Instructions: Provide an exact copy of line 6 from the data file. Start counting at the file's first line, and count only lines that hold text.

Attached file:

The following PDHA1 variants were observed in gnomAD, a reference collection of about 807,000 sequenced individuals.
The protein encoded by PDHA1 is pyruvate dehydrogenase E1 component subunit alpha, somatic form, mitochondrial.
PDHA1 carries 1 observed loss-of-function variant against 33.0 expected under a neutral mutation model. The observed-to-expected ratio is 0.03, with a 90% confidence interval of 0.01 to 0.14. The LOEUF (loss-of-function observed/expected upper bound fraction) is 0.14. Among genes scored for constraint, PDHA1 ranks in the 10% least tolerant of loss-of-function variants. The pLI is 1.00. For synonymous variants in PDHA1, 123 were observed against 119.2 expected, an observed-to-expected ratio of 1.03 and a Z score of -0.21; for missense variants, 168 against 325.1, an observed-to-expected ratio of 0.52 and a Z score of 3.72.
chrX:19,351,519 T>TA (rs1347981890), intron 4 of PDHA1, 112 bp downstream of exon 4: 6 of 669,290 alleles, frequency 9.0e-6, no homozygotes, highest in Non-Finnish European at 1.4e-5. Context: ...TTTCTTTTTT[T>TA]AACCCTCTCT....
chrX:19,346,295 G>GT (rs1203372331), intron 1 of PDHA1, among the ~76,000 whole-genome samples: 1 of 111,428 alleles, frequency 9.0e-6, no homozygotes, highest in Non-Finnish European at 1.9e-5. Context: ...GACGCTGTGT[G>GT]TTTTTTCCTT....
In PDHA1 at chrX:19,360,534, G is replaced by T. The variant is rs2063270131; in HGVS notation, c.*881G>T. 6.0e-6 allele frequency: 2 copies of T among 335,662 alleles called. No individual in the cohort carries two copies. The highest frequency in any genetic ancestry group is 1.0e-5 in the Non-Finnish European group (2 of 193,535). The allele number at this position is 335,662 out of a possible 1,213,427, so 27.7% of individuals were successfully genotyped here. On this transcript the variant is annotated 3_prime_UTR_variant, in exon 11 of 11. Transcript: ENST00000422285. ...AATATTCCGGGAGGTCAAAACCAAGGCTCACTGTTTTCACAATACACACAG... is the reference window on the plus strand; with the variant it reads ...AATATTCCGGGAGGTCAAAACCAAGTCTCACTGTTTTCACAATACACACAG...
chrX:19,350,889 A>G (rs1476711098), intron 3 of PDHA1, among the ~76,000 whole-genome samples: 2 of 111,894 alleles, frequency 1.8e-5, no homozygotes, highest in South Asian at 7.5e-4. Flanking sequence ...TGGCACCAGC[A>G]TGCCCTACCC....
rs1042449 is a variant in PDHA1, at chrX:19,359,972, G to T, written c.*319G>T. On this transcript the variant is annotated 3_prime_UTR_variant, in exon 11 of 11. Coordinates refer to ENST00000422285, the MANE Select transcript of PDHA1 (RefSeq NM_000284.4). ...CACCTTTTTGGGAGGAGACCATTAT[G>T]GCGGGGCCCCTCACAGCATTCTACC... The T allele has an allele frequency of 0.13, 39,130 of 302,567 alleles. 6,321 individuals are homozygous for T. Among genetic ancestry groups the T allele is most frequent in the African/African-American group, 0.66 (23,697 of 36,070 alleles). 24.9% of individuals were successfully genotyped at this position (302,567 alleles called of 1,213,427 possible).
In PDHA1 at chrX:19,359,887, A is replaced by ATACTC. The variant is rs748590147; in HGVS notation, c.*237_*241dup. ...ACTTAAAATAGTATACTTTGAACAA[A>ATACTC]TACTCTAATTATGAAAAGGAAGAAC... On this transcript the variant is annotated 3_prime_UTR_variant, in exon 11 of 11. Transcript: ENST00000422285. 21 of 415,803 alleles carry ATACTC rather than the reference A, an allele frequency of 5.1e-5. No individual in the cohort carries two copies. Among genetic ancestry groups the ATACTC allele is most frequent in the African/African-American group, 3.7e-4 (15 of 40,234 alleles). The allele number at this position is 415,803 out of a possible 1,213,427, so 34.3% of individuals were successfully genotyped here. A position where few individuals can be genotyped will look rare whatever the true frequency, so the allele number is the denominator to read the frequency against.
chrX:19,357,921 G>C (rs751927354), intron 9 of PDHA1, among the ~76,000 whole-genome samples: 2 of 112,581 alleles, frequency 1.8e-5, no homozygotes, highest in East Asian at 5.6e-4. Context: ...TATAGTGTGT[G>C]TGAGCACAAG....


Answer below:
In PDHA1 at chrX:19,360,534, G is replaced by T. The variant is rs2063270131; in HGVS notation, c.*881G>T. 6.0e-6 allele frequency: 2 copies of T among 335,662 alleles called. No individual in the cohort carries two copies. The highest frequency in any genetic ancestry group is 1.0e-5 in the Non-Finnish European group (2 of 193,535). The allele number at this position is 335,662 out of a possible 1,213,427, so 27.7% of individuals were successfully genotyped here. On this transcript the variant is annotated 3_prime_UTR_variant, in exon 11 of 11. Transcript: ENST00000422285. ...AATATTCCGGGAGGTCAAAACCAAGGCTCACTGTTTTCACAATACACACAG... is the reference window on the plus strand; with the variant it reads ...AATATTCCGGGAGGTCAAAACCAAGTCTCACTGTTTTCACAATACACACAG...